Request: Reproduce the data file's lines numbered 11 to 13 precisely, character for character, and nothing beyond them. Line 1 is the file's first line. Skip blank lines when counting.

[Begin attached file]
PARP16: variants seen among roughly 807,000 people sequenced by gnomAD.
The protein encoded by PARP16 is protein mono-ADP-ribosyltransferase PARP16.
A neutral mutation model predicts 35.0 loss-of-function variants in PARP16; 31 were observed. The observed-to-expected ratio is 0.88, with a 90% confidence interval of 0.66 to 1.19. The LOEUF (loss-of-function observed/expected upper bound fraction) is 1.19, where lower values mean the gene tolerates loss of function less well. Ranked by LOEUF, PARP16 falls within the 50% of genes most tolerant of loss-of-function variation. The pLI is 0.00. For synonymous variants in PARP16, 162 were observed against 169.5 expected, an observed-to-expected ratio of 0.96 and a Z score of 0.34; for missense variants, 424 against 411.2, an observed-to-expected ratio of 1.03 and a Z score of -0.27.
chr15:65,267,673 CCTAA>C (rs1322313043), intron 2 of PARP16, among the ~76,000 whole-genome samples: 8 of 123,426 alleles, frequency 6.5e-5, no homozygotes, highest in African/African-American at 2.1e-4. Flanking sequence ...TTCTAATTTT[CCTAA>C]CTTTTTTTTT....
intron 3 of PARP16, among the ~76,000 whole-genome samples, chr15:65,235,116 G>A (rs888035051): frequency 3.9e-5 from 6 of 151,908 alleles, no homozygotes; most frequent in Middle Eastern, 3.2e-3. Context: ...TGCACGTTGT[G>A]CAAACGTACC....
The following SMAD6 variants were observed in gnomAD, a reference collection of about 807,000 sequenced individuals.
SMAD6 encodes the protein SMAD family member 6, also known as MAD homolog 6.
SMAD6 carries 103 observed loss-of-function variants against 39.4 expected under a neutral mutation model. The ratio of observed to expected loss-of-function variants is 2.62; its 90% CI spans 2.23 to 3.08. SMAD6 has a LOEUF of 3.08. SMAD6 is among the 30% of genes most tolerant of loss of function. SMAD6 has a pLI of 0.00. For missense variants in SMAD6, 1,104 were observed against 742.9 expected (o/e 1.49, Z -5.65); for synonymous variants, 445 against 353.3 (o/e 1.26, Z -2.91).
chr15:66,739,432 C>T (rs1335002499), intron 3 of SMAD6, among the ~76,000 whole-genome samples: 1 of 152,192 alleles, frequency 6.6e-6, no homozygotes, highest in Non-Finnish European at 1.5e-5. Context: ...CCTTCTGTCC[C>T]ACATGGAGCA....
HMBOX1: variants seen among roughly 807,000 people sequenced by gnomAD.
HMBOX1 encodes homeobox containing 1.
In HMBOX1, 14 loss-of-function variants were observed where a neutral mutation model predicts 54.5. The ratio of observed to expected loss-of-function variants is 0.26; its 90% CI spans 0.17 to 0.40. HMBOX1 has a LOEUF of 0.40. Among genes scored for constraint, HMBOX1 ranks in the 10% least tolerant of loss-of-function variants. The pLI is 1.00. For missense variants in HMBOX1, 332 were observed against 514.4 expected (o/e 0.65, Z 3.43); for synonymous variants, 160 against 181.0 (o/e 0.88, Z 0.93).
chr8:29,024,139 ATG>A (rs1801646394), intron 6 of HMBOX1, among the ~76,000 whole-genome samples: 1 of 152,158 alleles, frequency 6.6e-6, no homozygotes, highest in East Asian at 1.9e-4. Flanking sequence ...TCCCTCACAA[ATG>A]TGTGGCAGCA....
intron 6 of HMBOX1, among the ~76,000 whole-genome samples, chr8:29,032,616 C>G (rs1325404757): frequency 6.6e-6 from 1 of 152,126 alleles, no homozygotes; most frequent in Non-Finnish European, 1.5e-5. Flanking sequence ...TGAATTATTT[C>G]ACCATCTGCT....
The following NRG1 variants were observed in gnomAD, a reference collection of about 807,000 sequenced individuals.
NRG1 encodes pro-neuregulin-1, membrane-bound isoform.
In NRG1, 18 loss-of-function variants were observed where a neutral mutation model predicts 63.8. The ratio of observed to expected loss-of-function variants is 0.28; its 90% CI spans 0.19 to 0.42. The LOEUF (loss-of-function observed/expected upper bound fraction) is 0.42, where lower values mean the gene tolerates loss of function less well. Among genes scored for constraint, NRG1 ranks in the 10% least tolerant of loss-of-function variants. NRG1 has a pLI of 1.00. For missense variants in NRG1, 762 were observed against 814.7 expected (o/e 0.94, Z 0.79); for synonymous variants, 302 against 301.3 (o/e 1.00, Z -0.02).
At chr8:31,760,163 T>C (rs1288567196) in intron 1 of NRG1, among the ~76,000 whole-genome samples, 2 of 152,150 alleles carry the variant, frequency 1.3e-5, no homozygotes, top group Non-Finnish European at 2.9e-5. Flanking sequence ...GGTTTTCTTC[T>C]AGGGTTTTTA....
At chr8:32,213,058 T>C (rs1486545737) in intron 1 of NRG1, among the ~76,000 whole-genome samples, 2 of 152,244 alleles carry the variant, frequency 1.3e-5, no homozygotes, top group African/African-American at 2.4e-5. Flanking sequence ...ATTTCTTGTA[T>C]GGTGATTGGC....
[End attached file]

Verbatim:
HMBOX1 encodes homeobox containing 1.
In HMBOX1, 14 loss-of-function variants were observed where a neutral mutation model predicts 54.5. The ratio of observed to expected loss-of-function variants is 0.26; its 90% CI spans 0.17 to 0.40. HMBOX1 has a LOEUF of 0.40. Among genes scored for constraint, HMBOX1 ranks in the 10% least tolerant of loss-of-function variants. The pLI is 1.00. For missense variants in HMBOX1, 332 were observed against 514.4 expected (o/e 0.65, Z 3.43); for synonymous variants, 160 against 181.0 (o/e 0.88, Z 0.93).
chr8:29,024,139 ATG>A (rs1801646394), intron 6 of HMBOX1, among the ~76,000 whole-genome samples: 1 of 152,158 alleles, frequency 6.6e-6, no homozygotes, highest in East Asian at 1.9e-4. Flanking sequence ...TCCCTCACAA[ATG>A]TGTGGCAGCA....